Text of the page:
Dear newborn mum,


How are you doing? You have been through so much in the recent weeks. You thought you were going in to labour at 36 weeks and you panicked. You still had a week left of work, you hadn’t organised the sibling gift from the new baby to give your two year old, you hadn’t spent enough one on one time and had those final mother daughter dates with her. It wasn’t time. You cried tears filled with a mixture of fear for the health of your new baby and sadness that you weren’t ready as you lay on the hospital bed hooked up to heart monitors. Things settled down and you were sent home. The crash in adrenaline hit you hard and you were exhausted. Thankfully baby number two was okay and would stay put a while longer. You were terrified of going in to labour because you had booked a planned c-section. You don’t want to risk having another emergency, risk losing your baby or your own life. It just isn’t worth it, no matter what the doctors tried to tell you is best.

In the end, after a few more false alarms, she arrived without drama. The birth was strange and the smells from the operating room will stay with you forever, but still, that moment when she was born and you were told it’s a girl(!) were amazing and unforgettable. This little one was very different to your first born. She came out grumpy and hungry. You catch yourself about to call a midwife to ask if it’s okay to feed her. You realise this is your baby and you have done this before, of course you can feed her. She latches on beautifully and everything settles down. Your baby girl.

When this photo was taken you were at a level of exhaustion you didn’t think possible. You had been awake all night sitting in a hard plastic chair feeding, settling, holding her in your arms. You had a c-section in a public hospital, so while the level of care during the birth was fantastic, after care had a lot of room for improvement. The beds weren’t automatic, so if you wanted to get up or down you had to turn the crank at the end. Impossible after major abdominal surgery. Your baby girl is a chucky baby so often she spits up in her bassinet and coughs but you cant move by yourself to pick her up out of the bassinet and calling a midwife in the middle of the night is generally met with a cranky nurse who is over it and snapping at you. Last time you called, a midwife came 15 minutes after you rang the bell, walked in and said crankily “what?”. You cried, of course. You should have said “my baby is lying in a pool of her own vomit and this piece of shit hospital bed has me immobile so could you please just help me”.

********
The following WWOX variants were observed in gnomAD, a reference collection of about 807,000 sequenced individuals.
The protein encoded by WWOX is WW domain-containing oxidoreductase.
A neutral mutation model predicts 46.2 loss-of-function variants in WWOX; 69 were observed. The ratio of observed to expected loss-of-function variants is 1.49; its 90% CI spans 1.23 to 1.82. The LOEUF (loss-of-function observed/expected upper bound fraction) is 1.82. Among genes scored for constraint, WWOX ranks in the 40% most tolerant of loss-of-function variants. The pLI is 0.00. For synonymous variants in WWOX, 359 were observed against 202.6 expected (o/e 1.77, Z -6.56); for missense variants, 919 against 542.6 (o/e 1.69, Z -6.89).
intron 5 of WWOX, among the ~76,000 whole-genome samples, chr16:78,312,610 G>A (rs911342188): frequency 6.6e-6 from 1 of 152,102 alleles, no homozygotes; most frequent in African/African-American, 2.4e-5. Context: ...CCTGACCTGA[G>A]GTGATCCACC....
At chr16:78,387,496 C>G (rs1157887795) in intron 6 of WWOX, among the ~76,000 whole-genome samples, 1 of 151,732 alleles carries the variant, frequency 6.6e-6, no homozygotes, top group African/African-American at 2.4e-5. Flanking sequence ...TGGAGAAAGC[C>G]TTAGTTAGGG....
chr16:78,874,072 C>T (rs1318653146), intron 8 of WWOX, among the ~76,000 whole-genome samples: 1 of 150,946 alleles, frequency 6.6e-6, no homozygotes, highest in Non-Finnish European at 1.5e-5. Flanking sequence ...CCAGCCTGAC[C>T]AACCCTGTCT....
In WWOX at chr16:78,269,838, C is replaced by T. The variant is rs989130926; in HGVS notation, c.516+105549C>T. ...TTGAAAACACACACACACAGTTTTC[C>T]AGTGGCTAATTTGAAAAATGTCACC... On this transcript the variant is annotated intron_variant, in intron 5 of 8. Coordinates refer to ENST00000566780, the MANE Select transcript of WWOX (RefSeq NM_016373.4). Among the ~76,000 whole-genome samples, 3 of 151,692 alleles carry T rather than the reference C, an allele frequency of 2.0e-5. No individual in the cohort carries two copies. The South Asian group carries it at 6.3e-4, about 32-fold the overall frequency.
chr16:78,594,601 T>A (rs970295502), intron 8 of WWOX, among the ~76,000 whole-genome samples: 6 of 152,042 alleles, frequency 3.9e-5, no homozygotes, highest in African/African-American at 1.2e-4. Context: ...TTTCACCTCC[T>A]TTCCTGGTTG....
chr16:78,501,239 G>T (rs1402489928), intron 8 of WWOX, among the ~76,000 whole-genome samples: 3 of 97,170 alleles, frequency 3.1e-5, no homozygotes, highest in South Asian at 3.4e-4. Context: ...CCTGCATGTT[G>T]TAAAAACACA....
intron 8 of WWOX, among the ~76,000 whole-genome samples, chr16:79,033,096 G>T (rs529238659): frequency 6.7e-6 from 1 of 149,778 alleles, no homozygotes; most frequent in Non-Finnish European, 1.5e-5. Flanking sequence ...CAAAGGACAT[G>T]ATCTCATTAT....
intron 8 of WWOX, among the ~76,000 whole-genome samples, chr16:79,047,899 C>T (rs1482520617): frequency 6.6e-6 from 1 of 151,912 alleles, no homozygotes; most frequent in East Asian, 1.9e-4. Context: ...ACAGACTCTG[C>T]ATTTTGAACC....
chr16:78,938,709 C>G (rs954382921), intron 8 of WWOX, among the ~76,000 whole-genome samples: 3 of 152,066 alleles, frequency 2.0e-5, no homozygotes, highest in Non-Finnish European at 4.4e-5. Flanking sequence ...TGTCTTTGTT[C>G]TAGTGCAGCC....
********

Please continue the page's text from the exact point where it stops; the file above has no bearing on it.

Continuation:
But you are tired and emotional so, to avoid asking for help again you plan to hold baby in your arms all night in the bed but you are so terrified of dropping her or smothering her that you cant sleep, so you somehow haul yourself out of bed, praying you don’t burst your stitches, and sit upright in a plastic chair and silently cry all night because you are so tired and missing home and your husband and your toddler.

Finally, morning comes and the nice, new nurse asks how your night was. You tell her and she looks horrified “Why didn’t you call the midwife?”. You tell her that you did call the midwife and she made you cry. This lovely midwife tells you that she has just spoken to the woman in the bed next to you and she was awake all night too. We were both there, mothers of newborns crying silently and bearing the incredible burden of new motherhood alone. You ask if you can go home. You had major surgery only two days earlier but realised quickly that you would have better care there, with your husband to help that you would in hospital. You have a visit from family, your sister has four kids and has always been good at making your feelings seem normal and understanding the difficulty. Your mum takes this photo and soon after, the laxatives to combat the constipation caused by your pain killers kick in. Not an enjoyable experience.

In this photo I have always seen sadness and exhaustion. Looking back now with the benefit of almost six years distance, I see a warrior. A woman who delivered a baby through major surgery and then immediately cared for her baby 24/7 with no recovery time (while also battling major toilet dramas) This woman had been awake all night and was at her absolute rock bottom and yet she nurtures and snuggles her baby girl. She is strong. She is powerful. I am so proud of her.

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